Ukraine-Russia crisis: What to know about decisions by global business players as war rages
Written by Jeff Karoub
There’s a range of reasons why corporations are shutting down or scaling back their operations—or continue to operate—in Russia in the wake of the nation’s invasion of Ukraine.
Paolo Pasquariello is a finance professor at the University of Michigan’s Ross School of Business whose research interests include international finance and information economics. He shares his insights on why some stay, why some go and what it all means.
Why companies shutter or suspend operations in Russia
Some companies have to do so, because of the sanctions imposed by the U.S. and other Western governments effectively preventing them from conducting business as usual. Some of these companies trade in Russian commodities, others would normally use the global payment systems to move money in and out of Russia.
All of these activities, which in normal times occur smoothly, have been severely disrupted by the sanctions, effectively making it impossible to continue to do business in Russia. This was indeed one of the goals of the sanctions to begin with.
Other companies are pulling out of Russia because while their business activities are not directly affected by the sanctions, they fear their continued presence may eventually lead them to unwittingly violate those sanctions, putting them in the crosshairs of the U.S. and other European countries, where they have substantial business interests. Once again, I think of this as one of the goals of the sanctions to begin with, namely either explicitly prohibit Western firms from doing business with Russia or use “moral suasion” to dissuade them from doing business with Russia.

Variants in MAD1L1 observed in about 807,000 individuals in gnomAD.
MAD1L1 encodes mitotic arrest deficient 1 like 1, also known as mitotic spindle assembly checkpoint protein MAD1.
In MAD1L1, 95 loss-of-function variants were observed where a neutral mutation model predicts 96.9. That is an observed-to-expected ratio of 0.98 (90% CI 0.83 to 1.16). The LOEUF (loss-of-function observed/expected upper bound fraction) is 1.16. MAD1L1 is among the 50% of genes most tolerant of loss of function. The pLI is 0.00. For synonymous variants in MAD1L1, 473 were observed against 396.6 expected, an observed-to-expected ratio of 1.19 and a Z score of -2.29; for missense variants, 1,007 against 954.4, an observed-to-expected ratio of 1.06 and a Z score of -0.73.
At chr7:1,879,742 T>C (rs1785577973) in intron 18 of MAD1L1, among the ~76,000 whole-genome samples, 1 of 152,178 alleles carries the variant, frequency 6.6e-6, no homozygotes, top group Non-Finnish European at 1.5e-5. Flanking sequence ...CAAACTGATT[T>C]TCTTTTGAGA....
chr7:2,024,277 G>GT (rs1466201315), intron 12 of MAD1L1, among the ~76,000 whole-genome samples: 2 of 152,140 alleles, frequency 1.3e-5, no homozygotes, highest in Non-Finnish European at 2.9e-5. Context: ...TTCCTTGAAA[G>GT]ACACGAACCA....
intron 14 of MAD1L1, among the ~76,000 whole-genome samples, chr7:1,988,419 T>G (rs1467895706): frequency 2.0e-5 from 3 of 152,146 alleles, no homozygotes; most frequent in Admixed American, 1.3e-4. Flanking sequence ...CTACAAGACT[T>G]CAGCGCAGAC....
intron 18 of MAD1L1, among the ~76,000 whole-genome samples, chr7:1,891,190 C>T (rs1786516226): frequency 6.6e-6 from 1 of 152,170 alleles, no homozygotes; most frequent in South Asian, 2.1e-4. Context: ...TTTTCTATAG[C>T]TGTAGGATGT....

Still others are pulling out of Russia either because of their “moral stance” against the war, the significant reputation (and, eventually, financial) costs of not doing so in front of their stakeholders (customers, suppliers, employees), or both. These days, we expect businesses to be at the forefront of social progress, and doing business in a warmongering country does not fit with the profile that most companies want to keep in that respect.
Of course, not all companies will suffer equally because of their decision to pull out of Russia. For some, the hits are more direct, as they abandon Russian properties, plants, equipment and intellectual rights—many of which are likely to be nationalized by the Russian government. For others, the pullout is likely temporary, and their presence is very likely to resume once the conflict ends.
Why companies stay in Russia
The decision by some companies not to pull out of Russia right now is more puzzling, likely the result of a short-term assessment of the cost of such a pullout for their bottom line versus. the likely severe but more difficult to estimate long-term consequences of continuing business as usual.
As long as the invasion of Ukraine continues (and a resolution of the conflict appears distant), the longer these companies remain (or do not take any serious step to distance themselves from the Russian market), the less sustainable their position will become in the eyes of their stakeholders, and the greater are the likely costs of their eventual pullout later.
The implications of sanctions
Overall, the “corporate Russian exodus” underscores how the sanctions have effectively crippled the Russian economy despite their more limited literal implementation. In a globalized, interconnected economy like the one we live in and all benefit from, economic warfare is as powerful as military warfare.